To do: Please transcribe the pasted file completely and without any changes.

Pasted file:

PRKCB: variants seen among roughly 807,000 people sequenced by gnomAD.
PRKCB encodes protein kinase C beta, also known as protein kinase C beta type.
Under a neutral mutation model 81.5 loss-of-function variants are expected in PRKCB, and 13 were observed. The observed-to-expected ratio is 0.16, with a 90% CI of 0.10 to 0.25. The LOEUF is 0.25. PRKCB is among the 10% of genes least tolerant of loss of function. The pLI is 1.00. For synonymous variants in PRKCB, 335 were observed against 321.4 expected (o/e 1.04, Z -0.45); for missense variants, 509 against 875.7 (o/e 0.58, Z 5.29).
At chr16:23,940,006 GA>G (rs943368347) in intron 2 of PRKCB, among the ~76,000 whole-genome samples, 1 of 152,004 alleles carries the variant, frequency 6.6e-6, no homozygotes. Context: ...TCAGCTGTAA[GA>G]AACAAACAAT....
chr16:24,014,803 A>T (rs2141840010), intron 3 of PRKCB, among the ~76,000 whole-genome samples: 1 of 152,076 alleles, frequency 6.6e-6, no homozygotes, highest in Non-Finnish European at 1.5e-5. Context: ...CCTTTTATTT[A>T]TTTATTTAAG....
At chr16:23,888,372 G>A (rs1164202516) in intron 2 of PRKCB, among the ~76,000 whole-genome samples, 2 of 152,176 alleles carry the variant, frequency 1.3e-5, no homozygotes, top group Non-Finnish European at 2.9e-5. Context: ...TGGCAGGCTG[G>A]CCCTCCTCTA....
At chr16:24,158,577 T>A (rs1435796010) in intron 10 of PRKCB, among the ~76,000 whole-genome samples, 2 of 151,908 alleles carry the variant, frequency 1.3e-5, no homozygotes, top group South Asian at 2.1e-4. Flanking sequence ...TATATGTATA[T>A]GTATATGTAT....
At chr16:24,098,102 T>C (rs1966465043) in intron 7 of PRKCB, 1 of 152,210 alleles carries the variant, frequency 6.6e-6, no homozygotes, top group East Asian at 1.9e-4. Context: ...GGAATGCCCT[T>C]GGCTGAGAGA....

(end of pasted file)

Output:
PRKCB: variants seen among roughly 807,000 people sequenced by gnomAD.
PRKCB encodes protein kinase C beta, also known as protein kinase C beta type.
Under a neutral mutation model 81.5 loss-of-function variants are expected in PRKCB, and 13 were observed. The observed-to-expected ratio is 0.16, with a 90% CI of 0.10 to 0.25. The LOEUF is 0.25. PRKCB is among the 10% of genes least tolerant of loss of function. The pLI is 1.00. For synonymous variants in PRKCB, 335 were observed against 321.4 expected (o/e 1.04, Z -0.45); for missense variants, 509 against 875.7 (o/e 0.58, Z 5.29).
At chr16:23,940,006 GA>G (rs943368347) in intron 2 of PRKCB, among the ~76,000 whole-genome samples, 1 of 152,004 alleles carries the variant, frequency 6.6e-6, no homozygotes. Context: ...TCAGCTGTAA[GA>G]AACAAACAAT....
chr16:24,014,803 A>T (rs2141840010), intron 3 of PRKCB, among the ~76,000 whole-genome samples: 1 of 152,076 alleles, frequency 6.6e-6, no homozygotes, highest in Non-Finnish European at 1.5e-5. Context: ...CCTTTTATTT[A>T]TTTATTTAAG....
At chr16:23,888,372 G>A (rs1164202516) in intron 2 of PRKCB, among the ~76,000 whole-genome samples, 2 of 152,176 alleles carry the variant, frequency 1.3e-5, no homozygotes, top group Non-Finnish European at 2.9e-5. Context: ...TGGCAGGCTG[G>A]CCCTCCTCTA....
At chr16:24,158,577 T>A (rs1435796010) in intron 10 of PRKCB, among the ~76,000 whole-genome samples, 2 of 151,908 alleles carry the variant, frequency 1.3e-5, no homozygotes, top group South Asian at 2.1e-4. Flanking sequence ...TATATGTATA[T>A]GTATATGTAT....
At chr16:24,098,102 T>C (rs1966465043) in intron 7 of PRKCB, 1 of 152,210 alleles carries the variant, frequency 6.6e-6, no homozygotes, top group East Asian at 1.9e-4. Context: ...GGAATGCCCT[T>C]GGCTGAGAGA....